Lalit Modi, the controversial former commissioner of the Indian Premier League has been revealing some allegedly hidden secrets on Twitter
Lalit Modi has been revealing some of shocking inside information that suggests that the Board of Control for Cricket in India (BCCI) destroyed competition from the Indian Cricket League (ICL), in order to keep its own Indian Premier League (IPL) alive.
ICL, was a private cricket league funded by Zee Entertainment Enterprises which was conducted in India between 2007 and 2009. While its establishment pre-dated the IPL, the ICL folded up in 2009. Aside from the commercial aspects, the ICL lacked the support of the BCCI.
Here is what Lalit Modi, who shot into the limelight during his stint as chairman and commissioner of the IPL, said about BCCI, ICL and IPL on Twitter on Monday.
Analysts describe it as market reaction to company’s scrapping plans to raise $300 million. Group company GTL Infrastructure slides 43%
The shares of GTL group tanked amidst speculations of heavy selling of the company's pledged shares, a charge which the company has denied. But market experts believe that such kind of aggressive selling happens mainly when the company's pledged shares are sold in the open market.
The GTL share prices have been falling since Friday and today GTL Limited crashed to Rs127.80, a fall of around 62% and group company GTL Infrastructure fell by 43% to Rs16.85 on the Bombay Stock Exchange.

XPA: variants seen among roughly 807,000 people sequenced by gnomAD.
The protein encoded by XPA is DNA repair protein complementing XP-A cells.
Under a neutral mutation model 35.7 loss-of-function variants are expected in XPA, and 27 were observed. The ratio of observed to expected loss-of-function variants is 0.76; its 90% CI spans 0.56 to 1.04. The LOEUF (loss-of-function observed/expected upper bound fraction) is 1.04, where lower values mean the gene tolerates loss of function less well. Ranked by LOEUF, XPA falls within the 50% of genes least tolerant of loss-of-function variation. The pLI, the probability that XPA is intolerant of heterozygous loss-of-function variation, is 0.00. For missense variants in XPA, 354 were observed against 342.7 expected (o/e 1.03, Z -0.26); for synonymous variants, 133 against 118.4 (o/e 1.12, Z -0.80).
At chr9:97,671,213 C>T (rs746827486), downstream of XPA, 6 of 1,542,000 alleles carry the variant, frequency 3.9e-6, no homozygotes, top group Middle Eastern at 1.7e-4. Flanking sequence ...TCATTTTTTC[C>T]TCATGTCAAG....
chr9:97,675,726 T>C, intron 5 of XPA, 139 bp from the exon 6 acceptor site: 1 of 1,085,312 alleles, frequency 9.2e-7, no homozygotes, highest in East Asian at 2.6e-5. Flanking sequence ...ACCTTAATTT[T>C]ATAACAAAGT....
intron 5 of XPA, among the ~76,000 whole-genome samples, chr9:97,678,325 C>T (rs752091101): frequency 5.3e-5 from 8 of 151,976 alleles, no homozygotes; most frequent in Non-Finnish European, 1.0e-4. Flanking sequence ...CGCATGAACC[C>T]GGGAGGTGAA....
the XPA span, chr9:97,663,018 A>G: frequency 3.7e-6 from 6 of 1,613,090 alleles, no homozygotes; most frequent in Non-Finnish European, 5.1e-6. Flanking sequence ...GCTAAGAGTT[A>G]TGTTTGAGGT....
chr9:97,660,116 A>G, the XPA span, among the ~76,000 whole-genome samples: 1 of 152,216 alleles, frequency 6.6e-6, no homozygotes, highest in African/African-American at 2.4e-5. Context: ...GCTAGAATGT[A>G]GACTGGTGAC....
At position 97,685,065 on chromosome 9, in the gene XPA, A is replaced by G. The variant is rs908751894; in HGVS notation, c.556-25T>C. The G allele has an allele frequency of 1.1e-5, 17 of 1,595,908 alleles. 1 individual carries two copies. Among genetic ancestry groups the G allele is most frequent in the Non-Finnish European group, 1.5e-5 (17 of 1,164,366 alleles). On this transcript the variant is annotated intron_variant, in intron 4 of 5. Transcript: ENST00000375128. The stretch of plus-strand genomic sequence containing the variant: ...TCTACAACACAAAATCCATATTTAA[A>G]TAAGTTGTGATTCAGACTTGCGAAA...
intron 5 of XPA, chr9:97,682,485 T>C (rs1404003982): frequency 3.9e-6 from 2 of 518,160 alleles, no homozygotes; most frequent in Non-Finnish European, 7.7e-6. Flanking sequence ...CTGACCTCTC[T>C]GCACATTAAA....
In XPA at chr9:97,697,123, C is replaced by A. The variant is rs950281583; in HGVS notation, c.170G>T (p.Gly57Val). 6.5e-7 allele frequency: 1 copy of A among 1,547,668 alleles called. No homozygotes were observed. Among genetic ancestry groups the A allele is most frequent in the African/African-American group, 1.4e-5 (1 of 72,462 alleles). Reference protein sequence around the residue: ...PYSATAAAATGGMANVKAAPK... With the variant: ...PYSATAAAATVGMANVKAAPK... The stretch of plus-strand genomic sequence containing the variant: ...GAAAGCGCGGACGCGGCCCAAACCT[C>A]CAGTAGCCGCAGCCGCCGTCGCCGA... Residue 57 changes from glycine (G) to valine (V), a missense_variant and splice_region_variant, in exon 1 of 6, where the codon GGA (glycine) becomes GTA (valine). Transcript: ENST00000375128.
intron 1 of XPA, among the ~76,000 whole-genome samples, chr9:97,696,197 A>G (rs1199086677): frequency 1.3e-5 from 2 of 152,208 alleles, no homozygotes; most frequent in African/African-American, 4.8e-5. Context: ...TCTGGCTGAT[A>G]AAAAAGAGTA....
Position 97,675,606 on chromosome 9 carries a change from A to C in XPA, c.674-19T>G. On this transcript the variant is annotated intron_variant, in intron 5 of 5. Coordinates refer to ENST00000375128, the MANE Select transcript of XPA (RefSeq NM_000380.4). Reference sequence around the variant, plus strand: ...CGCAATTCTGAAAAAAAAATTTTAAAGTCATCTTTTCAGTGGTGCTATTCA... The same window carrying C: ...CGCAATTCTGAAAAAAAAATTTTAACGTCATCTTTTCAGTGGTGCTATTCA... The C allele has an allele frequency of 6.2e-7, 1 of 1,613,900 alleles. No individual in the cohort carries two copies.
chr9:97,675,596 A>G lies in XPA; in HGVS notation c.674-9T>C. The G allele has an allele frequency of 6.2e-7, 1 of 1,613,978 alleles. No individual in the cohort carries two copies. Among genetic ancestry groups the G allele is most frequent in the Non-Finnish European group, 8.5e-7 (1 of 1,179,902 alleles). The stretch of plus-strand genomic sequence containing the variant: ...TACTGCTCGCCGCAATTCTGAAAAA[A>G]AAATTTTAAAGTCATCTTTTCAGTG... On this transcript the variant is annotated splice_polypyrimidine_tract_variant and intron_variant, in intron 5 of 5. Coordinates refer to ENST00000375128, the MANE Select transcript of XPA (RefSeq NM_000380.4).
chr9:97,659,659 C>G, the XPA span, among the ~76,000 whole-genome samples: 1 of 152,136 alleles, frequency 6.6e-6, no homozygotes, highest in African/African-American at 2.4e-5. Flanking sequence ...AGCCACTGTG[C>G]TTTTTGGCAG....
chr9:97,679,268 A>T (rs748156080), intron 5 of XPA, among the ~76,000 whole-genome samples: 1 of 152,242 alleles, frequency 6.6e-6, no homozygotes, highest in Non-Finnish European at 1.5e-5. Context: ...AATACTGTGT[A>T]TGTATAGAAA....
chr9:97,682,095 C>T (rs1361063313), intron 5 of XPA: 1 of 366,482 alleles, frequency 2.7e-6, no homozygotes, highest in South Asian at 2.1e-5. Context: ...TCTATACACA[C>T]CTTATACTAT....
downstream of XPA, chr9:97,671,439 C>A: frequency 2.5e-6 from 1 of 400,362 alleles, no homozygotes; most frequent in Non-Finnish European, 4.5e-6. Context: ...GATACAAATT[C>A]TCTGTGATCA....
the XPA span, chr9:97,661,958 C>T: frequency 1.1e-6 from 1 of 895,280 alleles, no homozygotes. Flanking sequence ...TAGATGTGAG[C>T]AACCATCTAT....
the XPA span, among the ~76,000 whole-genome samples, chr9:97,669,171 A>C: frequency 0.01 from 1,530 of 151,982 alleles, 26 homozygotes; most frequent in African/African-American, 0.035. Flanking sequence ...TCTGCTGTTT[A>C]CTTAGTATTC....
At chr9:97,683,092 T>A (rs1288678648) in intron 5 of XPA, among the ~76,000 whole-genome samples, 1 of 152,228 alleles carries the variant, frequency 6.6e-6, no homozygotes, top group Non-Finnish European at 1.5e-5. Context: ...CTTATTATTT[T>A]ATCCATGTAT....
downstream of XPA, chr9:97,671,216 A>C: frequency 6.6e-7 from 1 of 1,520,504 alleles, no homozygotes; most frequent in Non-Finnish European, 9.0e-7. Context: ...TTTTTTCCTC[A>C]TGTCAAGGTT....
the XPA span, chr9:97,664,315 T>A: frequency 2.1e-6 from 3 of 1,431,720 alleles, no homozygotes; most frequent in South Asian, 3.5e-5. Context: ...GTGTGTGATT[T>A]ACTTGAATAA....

The share price slump was on a sharp surge in trading volumes. The total trading volume from the BSE and the NSE (National Stock Exchange) for GTL Limited rose to 7.33 crore shares today, from around 16 lakh shares on Friday. For GTL Infrastructure, today's trading volumes stood at a huge 16.05 crore shares from a mere 14.72 lakh shares in the previous trading session.
This indicates the possibility that promoters' pledged equity has been sold. For instance, it could be a bank, with whom the company has pledged shares for raising funds, and the financial entity could have sold the shares. Such large trading transactions are very confidential and only the involved parties are aware of the same.
In GTL Limited, the promoters hold 52.71% of the equity capital, out of which the promoters have pledged only 12.85%.
The company denied selling off its pledged shares, or that any shares were sold by Technology Infrastructure, which holds 11% in GTL. Chairman Manoj Tirodkar was quoted in a report as saying, "Promoters' equity that is pledged for the purpose of acquisition of towers or otherwise has not been sold out. I'm categorical about that. As early as Friday we have spoken to them (Technology Infra) and they are a long-term investor, they have committed that they will remain with the company so there is no reason for me to believe that that would have changed from Friday to now."
Meanwhile, the stories in the media suggest that the company has scrapped its plan to raise $300 million. Analysts believe that the stock has sharply reacted to it. "The company's debt plan of around $3 million has been scrapped. This raises doubts on the credibility of the management. Further, the company will face problems in raising funds. The stock has reacted negatively mainly because of this news," an analyst with a broking firm told Moneylife, preferring anonymity.